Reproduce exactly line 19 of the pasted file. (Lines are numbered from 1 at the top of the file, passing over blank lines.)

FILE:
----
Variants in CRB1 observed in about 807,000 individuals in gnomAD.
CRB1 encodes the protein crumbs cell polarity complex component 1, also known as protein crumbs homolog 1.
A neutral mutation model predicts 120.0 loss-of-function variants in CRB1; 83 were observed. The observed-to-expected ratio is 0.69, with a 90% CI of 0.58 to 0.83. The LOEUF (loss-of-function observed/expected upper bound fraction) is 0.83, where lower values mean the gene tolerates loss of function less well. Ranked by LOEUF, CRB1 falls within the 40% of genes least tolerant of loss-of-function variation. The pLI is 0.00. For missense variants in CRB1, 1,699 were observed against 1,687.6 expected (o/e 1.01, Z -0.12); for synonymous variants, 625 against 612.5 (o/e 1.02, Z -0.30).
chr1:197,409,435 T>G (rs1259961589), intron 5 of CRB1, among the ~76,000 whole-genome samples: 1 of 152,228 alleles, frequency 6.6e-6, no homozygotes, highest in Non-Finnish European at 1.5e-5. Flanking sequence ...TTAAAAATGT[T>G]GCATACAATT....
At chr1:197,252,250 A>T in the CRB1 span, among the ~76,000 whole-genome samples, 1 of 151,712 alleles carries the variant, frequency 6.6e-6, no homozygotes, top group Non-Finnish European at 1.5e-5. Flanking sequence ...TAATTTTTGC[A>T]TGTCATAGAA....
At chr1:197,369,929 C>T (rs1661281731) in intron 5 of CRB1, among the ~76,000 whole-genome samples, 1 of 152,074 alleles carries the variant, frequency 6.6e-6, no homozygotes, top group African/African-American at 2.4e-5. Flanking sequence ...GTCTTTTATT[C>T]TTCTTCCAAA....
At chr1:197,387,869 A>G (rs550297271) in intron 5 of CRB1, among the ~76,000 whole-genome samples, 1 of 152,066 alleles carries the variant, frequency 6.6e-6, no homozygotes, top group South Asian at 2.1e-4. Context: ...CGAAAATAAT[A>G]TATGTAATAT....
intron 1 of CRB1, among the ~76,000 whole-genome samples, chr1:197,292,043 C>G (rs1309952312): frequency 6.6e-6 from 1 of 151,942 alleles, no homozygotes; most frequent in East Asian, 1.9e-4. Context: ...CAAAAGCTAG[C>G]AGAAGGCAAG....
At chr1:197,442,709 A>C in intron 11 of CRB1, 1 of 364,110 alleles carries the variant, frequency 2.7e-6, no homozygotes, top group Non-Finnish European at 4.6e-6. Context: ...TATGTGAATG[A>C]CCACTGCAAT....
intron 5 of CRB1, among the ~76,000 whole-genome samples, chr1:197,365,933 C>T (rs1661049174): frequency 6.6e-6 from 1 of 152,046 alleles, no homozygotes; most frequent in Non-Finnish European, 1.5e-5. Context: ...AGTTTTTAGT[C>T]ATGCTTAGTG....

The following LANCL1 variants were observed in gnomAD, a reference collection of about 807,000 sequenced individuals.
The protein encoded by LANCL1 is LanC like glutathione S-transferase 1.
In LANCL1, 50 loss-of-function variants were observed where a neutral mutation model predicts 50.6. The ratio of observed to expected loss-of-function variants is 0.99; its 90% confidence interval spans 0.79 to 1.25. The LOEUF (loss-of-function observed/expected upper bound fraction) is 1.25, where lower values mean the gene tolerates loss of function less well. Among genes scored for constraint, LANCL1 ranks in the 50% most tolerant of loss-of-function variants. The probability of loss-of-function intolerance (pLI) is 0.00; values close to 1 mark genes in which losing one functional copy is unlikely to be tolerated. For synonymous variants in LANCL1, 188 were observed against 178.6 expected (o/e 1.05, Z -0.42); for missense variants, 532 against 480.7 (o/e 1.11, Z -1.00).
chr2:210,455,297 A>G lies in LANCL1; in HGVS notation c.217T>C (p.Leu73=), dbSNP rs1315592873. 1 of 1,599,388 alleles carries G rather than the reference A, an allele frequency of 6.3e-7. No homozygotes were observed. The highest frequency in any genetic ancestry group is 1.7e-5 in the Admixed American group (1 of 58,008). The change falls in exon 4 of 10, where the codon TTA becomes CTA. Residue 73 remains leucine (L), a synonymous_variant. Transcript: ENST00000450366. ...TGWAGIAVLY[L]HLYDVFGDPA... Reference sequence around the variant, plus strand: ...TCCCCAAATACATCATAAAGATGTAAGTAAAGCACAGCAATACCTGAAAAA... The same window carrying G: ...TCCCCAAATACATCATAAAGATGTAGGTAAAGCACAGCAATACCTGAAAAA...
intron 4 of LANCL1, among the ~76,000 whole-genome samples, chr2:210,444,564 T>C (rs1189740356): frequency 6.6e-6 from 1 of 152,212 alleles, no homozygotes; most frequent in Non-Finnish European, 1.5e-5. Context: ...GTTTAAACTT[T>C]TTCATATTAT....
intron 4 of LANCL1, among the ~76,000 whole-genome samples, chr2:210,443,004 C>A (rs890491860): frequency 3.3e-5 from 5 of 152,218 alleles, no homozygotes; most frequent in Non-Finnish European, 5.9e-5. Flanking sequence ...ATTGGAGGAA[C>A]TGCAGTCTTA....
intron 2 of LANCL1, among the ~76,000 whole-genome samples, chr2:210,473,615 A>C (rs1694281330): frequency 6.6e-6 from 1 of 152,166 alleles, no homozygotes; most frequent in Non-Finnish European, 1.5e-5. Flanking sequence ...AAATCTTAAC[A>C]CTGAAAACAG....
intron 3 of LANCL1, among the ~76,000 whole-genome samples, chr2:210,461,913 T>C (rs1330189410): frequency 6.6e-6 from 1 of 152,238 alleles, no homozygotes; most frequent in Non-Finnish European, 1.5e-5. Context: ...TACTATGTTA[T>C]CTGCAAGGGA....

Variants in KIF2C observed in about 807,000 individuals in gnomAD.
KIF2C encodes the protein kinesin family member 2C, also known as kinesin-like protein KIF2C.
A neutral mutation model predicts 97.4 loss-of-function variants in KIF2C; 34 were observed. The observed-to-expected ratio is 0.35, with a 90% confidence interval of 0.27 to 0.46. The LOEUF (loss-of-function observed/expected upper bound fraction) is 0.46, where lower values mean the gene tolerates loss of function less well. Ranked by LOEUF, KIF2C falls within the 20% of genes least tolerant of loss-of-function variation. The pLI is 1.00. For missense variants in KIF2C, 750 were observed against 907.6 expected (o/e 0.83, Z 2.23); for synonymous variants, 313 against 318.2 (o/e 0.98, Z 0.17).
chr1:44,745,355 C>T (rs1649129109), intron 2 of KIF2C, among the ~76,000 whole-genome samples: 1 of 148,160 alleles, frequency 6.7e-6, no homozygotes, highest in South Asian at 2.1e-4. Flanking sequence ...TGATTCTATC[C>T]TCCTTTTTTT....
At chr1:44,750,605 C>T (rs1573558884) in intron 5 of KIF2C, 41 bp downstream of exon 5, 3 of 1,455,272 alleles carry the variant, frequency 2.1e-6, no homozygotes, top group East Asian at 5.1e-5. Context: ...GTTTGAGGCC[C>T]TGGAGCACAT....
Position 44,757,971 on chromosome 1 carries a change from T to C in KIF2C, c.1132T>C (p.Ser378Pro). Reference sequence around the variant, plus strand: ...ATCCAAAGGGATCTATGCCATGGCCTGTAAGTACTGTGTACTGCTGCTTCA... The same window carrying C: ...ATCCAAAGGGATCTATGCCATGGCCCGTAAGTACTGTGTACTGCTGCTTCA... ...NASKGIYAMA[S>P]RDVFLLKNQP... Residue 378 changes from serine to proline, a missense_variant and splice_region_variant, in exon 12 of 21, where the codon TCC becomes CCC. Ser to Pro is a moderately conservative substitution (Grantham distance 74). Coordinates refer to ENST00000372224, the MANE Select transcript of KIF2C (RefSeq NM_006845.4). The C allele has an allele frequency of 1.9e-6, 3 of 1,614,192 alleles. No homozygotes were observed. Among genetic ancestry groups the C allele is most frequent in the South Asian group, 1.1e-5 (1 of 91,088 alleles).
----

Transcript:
Variants in KIF2C observed in about 807,000 individuals in gnomAD.